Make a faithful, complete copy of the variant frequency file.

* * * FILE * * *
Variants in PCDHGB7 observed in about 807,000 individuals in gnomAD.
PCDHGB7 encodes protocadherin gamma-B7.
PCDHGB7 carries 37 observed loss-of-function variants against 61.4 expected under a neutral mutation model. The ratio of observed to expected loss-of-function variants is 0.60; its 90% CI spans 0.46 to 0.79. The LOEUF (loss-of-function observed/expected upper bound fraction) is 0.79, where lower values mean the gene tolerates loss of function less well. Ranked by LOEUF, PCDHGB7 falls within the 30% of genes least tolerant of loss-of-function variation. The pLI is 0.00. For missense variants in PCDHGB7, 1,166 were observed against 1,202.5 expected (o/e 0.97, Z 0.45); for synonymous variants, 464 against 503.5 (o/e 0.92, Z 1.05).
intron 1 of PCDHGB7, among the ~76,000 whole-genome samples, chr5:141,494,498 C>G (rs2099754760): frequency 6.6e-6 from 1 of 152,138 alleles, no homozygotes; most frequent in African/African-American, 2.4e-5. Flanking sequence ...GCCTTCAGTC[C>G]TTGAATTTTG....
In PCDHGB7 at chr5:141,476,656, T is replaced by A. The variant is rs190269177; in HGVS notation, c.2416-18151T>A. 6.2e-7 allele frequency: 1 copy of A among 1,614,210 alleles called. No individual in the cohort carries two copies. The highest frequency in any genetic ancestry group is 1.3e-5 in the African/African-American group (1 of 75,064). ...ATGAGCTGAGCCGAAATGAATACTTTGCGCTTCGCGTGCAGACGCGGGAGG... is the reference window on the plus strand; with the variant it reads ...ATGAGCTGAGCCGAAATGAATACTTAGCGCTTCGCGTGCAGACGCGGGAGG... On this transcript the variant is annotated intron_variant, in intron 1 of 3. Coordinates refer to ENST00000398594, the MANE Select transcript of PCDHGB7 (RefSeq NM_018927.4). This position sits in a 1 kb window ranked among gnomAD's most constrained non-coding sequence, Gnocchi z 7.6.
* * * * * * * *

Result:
Variants in PCDHGB7 observed in about 807,000 individuals in gnomAD.
PCDHGB7 encodes protocadherin gamma-B7.
PCDHGB7 carries 37 observed loss-of-function variants against 61.4 expected under a neutral mutation model. The ratio of observed to expected loss-of-function variants is 0.60; its 90% CI spans 0.46 to 0.79. The LOEUF (loss-of-function observed/expected upper bound fraction) is 0.79, where lower values mean the gene tolerates loss of function less well. Ranked by LOEUF, PCDHGB7 falls within the 30% of genes least tolerant of loss-of-function variation. The pLI is 0.00. For missense variants in PCDHGB7, 1,166 were observed against 1,202.5 expected (o/e 0.97, Z 0.45); for synonymous variants, 464 against 503.5 (o/e 0.92, Z 1.05).
intron 1 of PCDHGB7, among the ~76,000 whole-genome samples, chr5:141,494,498 C>G (rs2099754760): frequency 6.6e-6 from 1 of 152,138 alleles, no homozygotes; most frequent in African/African-American, 2.4e-5. Flanking sequence ...GCCTTCAGTC[C>G]TTGAATTTTG....
In PCDHGB7 at chr5:141,476,656, T is replaced by A. The variant is rs190269177; in HGVS notation, c.2416-18151T>A. 6.2e-7 allele frequency: 1 copy of A among 1,614,210 alleles called. No individual in the cohort carries two copies. The highest frequency in any genetic ancestry group is 1.3e-5 in the African/African-American group (1 of 75,064). ...ATGAGCTGAGCCGAAATGAATACTTTGCGCTTCGCGTGCAGACGCGGGAGG... is the reference window on the plus strand; with the variant it reads ...ATGAGCTGAGCCGAAATGAATACTTAGCGCTTCGCGTGCAGACGCGGGAGG... On this transcript the variant is annotated intron_variant, in intron 1 of 3. Coordinates refer to ENST00000398594, the MANE Select transcript of PCDHGB7 (RefSeq NM_018927.4). This position sits in a 1 kb window ranked among gnomAD's most constrained non-coding sequence, Gnocchi z 7.6.